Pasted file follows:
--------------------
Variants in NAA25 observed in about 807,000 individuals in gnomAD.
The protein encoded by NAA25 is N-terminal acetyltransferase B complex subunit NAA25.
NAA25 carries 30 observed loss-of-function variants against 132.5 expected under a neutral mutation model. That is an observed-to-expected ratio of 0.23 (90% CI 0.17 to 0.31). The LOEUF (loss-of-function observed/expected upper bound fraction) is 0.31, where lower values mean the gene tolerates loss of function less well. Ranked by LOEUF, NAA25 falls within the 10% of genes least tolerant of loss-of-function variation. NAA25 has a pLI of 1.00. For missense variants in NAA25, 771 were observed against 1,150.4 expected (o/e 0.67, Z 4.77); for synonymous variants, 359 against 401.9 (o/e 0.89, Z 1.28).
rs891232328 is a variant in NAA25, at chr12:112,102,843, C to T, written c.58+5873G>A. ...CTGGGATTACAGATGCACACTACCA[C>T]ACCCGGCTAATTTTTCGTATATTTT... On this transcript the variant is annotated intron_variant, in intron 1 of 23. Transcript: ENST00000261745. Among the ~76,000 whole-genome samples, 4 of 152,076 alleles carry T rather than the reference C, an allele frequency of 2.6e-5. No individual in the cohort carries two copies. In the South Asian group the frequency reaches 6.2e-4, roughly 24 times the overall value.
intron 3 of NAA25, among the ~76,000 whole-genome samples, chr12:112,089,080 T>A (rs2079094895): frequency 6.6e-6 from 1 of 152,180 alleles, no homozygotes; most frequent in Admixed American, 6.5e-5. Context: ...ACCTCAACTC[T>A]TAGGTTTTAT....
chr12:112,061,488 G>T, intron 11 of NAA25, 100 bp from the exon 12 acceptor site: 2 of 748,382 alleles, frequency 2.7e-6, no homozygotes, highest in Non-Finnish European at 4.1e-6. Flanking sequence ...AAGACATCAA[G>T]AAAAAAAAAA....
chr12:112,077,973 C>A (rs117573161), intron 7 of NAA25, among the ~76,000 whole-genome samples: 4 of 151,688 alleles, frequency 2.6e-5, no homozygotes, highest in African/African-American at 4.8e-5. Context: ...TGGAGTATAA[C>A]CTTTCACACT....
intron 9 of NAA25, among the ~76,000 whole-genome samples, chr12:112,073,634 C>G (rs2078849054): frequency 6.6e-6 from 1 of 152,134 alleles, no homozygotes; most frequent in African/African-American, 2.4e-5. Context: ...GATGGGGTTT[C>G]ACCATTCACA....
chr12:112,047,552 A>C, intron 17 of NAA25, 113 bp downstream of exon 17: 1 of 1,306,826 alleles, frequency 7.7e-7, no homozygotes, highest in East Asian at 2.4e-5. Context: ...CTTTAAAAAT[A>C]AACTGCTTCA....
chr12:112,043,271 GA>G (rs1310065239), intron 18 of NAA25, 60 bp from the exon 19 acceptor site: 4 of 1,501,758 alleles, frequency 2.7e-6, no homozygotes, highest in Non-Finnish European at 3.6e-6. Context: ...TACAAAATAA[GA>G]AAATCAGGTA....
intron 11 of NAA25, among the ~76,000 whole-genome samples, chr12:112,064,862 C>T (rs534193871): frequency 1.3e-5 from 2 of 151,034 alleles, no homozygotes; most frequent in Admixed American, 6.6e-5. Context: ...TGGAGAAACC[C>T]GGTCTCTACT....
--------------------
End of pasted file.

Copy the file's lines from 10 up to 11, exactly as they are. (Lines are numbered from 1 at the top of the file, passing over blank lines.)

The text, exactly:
chr12:112,043,271 GA>G (rs1310065239), intron 18 of NAA25, 60 bp from the exon 19 acceptor site: 4 of 1,501,758 alleles, frequency 2.7e-6, no homozygotes, highest in Non-Finnish European at 3.6e-6. Context: ...TACAAAATAA[GA>G]AAATCAGGTA....
intron 11 of NAA25, among the ~76,000 whole-genome samples, chr12:112,064,862 C>T (rs534193871): frequency 1.3e-5 from 2 of 151,034 alleles, no homozygotes; most frequent in Admixed American, 6.6e-5. Context: ...TGGAGAAACC[C>T]GGTCTCTACT....